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Shyam Selvadurai Inspires the Creative Writer in All of Us!

November 19, 2018

The Department of English BA and Literatures of Modernity MA programs were delighted to have author Shyam Selvadurai serve not only as our Distinguished Speaker but also as a guest Instructor of Creative Writing during the fall 2018 term. Born in Colombo, Sri Lanka, Shyam gained international recognition for his first novel, Funny Boy (1994), which won the W.H. Smith/Books in Canada First Novel Award and the Lambda Literary Award in the US. Additional impressive publications include Cinnamon Gardens and Swimming in the Monsoon Sea, and the edited anthology Story-wallah! A Celebration of South Asian Fiction.

On November 19, as our Distinguished Speaker, Shyam treated us to a reading from his 2013 novel The Hungry Ghosts—published in Canada, India and Sri Lanka—as well as from his new novel-in-progress, Mansions of the Moon. He then engaged with the audience in a stimulating discussion about his career, including the topic of the upcoming film version of Funny Boy. As LitMod student Sam Boer notes, “It was refreshing and inspiring to hear a writer as masterful as Selvadurai recite his own work. I particularly enjoyed hearing about his experience revisiting Funny Boy many years after its publication while writing it into a screenplay. What a strange experience it must be, re-reading your own work and suddenly understanding the parents in your story better than you could when you wrote them!”

During the term, Shyam also led a series of creative writing workshops. These were attended by students in the Department of English along with those in programs like Media Production, Computer Science, and Immigration and Settlement Studies. Designed to help students cultivate their own styles in fiction, the short story, and literary non-fiction, the classes covered basic writing skills related to point of view, detail, and character, allowing students to hone their craft through his lectures, workshopping, and one-on-one consultations. Participant Mary Grant from LitMod comments, “It was such a privilege working with Shyam over the past few weeks to develop my work in fiction. He was absolutely a fantastic resource for developing my writing skills.” Mary’s colleague Shane Liu adds, “I loved the fountain of knowledge Shyam gave, and the tone he respectfully shared information with was both intelligent and inviting. He was open to all questions and was willing to answer each one with a story that felt personal and sincere.”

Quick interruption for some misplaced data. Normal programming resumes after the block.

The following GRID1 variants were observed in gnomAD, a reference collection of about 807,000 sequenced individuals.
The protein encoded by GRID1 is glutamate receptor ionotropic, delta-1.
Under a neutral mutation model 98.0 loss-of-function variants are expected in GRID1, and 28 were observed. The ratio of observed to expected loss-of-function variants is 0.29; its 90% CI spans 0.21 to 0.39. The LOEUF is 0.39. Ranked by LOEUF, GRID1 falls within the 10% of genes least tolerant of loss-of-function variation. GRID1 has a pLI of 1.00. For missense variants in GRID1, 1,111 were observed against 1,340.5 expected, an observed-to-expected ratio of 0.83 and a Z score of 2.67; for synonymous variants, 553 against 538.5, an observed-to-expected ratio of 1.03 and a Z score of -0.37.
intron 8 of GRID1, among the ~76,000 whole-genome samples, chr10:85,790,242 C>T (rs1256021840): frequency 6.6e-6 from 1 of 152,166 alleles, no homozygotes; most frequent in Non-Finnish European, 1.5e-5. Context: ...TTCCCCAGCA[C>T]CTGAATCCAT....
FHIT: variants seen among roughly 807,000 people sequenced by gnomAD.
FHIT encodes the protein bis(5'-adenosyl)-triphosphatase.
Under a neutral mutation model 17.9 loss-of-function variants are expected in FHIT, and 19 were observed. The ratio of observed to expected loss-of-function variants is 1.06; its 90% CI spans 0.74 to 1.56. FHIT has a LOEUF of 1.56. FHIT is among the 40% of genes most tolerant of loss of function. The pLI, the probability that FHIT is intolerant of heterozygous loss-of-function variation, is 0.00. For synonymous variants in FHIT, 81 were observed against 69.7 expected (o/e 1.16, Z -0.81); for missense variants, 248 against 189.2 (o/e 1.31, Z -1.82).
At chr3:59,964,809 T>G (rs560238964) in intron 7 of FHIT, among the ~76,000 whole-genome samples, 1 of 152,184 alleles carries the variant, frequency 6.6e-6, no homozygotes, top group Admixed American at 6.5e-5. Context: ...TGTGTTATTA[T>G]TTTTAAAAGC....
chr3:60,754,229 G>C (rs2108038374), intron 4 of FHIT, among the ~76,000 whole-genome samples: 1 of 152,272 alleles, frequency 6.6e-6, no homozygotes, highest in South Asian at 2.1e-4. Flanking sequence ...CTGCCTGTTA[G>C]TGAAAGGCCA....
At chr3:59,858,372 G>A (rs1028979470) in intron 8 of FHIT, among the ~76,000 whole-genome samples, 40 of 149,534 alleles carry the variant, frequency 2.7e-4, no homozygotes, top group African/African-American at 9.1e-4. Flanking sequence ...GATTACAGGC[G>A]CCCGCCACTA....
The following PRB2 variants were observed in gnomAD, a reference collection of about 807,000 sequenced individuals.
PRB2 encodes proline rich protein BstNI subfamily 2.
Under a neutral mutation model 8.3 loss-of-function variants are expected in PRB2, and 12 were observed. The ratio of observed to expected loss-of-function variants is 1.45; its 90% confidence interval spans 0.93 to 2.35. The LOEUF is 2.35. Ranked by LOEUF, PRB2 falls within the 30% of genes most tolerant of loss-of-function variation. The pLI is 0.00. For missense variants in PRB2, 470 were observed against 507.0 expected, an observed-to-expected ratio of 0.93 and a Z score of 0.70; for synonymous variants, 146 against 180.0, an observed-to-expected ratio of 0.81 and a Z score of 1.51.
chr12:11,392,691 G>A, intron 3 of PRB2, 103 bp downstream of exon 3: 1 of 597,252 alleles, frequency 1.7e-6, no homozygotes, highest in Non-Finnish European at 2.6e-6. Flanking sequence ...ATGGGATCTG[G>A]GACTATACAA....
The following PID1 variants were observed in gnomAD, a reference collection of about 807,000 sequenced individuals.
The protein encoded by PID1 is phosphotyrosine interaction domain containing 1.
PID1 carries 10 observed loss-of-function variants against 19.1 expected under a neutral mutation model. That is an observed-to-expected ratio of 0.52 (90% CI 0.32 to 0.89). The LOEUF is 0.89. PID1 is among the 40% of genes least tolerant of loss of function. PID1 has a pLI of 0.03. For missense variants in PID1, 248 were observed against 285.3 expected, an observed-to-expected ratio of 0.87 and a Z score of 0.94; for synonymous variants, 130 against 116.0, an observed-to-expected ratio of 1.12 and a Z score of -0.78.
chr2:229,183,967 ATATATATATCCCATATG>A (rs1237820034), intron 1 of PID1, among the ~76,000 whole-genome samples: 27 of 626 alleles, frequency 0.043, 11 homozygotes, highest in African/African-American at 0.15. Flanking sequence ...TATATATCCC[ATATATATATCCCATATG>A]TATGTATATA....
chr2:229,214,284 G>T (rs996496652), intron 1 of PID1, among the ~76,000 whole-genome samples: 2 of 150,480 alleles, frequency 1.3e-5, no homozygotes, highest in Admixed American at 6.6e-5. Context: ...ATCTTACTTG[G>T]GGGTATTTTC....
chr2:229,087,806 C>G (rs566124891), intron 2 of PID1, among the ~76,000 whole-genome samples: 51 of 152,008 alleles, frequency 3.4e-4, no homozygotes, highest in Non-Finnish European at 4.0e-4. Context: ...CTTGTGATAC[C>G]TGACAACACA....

Shyam clearly enriched the experiences of our students and faculty this term. His presence highlights how creative writing in our department is a vital strength that connects students to global and social issues through the study of creativity and storytelling.